If any Bible were perfect, it seems at least likely that we would all agree to one single faith. And yet, based on various interpretations of the same Bible, we have a variety of Christian “denominations”. Each of these various denominations is honestly and passionately supported by its members. But each of these various denominations also tends to believe that their version of Christianity is the only one that’s “really true” and therefore they often carry a small contempt for the other “false” denominations of Christianity.
If the Bible is truly perfect–not merely “good” or “great,” but “perfect“–shouldn’t it be instantly convincing?
If the Bible is truly perfect, shouldn’t everyone reading it be compelled to join the same faith? Shouldn’t every “Christian” who reads a perfect Bible be compelled to believe in the identical principles of Christianity?
But they’re not.
I can’t say it’s God’s truth, but it seems to me that a perfect Bible should’ve resulted in a perfectly uniform Christian faith. But it hasn’t.
1) At least 99% of the English versions of the Bible don’t even claim to be perfect, the odds alone suggest that no English version is perfect;
2) The multiplicity of possible translations is so huge that the likelihood that any translation is “perfect” is very low;
3) King James’ changed of the 6th Commandment from “Thou shalt not murder” to “Thou shalt not kill”;
4) Many seem to worship the Bible as an act approaching idolatry rather than read and study it;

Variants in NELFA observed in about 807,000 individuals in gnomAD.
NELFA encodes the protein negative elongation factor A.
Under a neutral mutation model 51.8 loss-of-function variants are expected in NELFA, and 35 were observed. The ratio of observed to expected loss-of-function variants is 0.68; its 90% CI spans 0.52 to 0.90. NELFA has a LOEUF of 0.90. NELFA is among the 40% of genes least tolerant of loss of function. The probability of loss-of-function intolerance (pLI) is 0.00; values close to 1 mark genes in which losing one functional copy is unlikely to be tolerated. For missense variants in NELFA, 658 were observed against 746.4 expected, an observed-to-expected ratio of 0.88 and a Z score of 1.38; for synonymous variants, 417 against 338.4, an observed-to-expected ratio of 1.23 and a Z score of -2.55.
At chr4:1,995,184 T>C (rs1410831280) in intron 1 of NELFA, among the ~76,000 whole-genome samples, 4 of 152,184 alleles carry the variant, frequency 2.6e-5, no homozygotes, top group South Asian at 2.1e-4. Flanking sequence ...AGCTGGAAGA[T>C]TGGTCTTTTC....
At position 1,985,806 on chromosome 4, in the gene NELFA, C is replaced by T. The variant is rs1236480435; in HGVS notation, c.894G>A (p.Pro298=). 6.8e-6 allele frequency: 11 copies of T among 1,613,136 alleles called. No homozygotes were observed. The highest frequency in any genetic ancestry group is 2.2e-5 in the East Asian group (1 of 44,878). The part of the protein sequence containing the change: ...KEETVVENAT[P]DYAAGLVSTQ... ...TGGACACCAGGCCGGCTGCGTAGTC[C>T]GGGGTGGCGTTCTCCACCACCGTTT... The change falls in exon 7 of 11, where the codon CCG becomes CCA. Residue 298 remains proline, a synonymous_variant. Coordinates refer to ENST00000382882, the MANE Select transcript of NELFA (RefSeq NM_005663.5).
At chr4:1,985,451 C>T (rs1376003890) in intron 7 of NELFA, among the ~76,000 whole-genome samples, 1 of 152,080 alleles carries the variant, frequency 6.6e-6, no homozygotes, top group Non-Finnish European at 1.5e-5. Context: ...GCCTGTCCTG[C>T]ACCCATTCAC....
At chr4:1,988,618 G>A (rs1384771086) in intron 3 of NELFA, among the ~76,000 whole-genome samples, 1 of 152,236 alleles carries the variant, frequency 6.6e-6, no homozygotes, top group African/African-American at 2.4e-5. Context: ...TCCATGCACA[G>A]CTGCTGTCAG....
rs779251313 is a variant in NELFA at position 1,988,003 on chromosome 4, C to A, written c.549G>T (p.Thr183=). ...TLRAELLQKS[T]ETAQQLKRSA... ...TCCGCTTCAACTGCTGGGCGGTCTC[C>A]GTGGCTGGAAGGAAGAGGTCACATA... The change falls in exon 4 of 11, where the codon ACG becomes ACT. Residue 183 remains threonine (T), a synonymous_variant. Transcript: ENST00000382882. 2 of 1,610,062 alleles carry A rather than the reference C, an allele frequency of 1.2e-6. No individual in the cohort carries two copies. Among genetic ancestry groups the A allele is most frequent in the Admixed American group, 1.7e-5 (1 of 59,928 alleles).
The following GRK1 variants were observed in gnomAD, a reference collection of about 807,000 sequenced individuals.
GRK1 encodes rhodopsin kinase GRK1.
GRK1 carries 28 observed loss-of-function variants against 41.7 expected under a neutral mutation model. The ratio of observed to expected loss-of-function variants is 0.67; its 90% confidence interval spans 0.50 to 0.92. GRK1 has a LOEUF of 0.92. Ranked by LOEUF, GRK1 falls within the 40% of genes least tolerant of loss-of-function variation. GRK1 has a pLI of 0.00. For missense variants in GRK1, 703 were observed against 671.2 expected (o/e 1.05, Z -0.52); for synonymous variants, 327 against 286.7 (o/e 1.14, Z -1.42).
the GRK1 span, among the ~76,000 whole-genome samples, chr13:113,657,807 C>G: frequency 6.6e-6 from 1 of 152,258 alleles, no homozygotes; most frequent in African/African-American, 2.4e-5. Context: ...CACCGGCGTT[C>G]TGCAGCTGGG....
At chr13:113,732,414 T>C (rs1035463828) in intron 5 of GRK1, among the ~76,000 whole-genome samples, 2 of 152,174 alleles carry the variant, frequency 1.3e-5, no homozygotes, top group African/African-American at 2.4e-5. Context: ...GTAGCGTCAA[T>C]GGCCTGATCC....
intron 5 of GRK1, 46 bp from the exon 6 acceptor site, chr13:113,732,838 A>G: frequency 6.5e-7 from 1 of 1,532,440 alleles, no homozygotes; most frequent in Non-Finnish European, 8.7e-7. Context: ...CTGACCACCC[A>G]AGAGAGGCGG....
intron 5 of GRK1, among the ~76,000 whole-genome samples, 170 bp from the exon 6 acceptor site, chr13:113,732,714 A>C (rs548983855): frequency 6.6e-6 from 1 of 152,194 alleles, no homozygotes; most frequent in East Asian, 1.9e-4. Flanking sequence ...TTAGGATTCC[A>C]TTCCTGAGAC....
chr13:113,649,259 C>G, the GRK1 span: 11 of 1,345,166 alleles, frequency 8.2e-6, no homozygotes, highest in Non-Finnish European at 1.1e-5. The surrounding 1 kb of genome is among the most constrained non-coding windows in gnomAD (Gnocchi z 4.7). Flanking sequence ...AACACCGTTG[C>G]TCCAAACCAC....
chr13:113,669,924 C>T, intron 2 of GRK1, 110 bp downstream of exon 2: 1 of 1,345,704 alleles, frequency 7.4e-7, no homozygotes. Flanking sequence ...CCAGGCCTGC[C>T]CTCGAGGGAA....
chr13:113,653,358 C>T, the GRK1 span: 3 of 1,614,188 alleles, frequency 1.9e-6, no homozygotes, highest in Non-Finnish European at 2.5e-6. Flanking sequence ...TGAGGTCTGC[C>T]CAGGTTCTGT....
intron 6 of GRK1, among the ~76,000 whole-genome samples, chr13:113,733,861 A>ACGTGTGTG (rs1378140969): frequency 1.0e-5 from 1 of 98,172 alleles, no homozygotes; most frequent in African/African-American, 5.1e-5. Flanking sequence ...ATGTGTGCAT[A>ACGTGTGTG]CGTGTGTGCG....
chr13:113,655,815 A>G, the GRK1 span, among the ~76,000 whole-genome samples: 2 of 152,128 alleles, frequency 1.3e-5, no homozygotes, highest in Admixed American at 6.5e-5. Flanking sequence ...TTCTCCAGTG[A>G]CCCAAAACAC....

5) The true name of the Messiah appears to be missing from virtually every English translation of the Bible–including the King James Version;
6) The Bible is not instantly convincing and does not produce a single, uniform faith; then,
7) I conclude that no version of the Bible written in the past 500 years (including the KJV) is perfect.
This conclusion does not suggest that the Bible is useless or without value. I have ten versions of the Bible on my computer. I used to have seven physical Bibles but five were caught in a fire and destroyed. I now have three physical versions.
I read a Bible regularly. I think whichever one I habitually read is the most valuable book I currently possess. I’ve learned at least as much about man’s law from the Bible as I have from reading man’s laws, codes and court cases.
I’m continuously amazed by the Bible’s ability to teach me new things from chapters and verses I’ve previously read.
I have no doubt that the Bible is valuable, but I don’t believe the Bible is perfect. I read it, I study it, I write on it. But I don’t worship any Bible nor do I think it’s safe to do so. I won’t say that everyone who believes the Bible is “perfect” is an idolater, but I suspect that those who think the the Bible is perfect may be close to committing idolatry.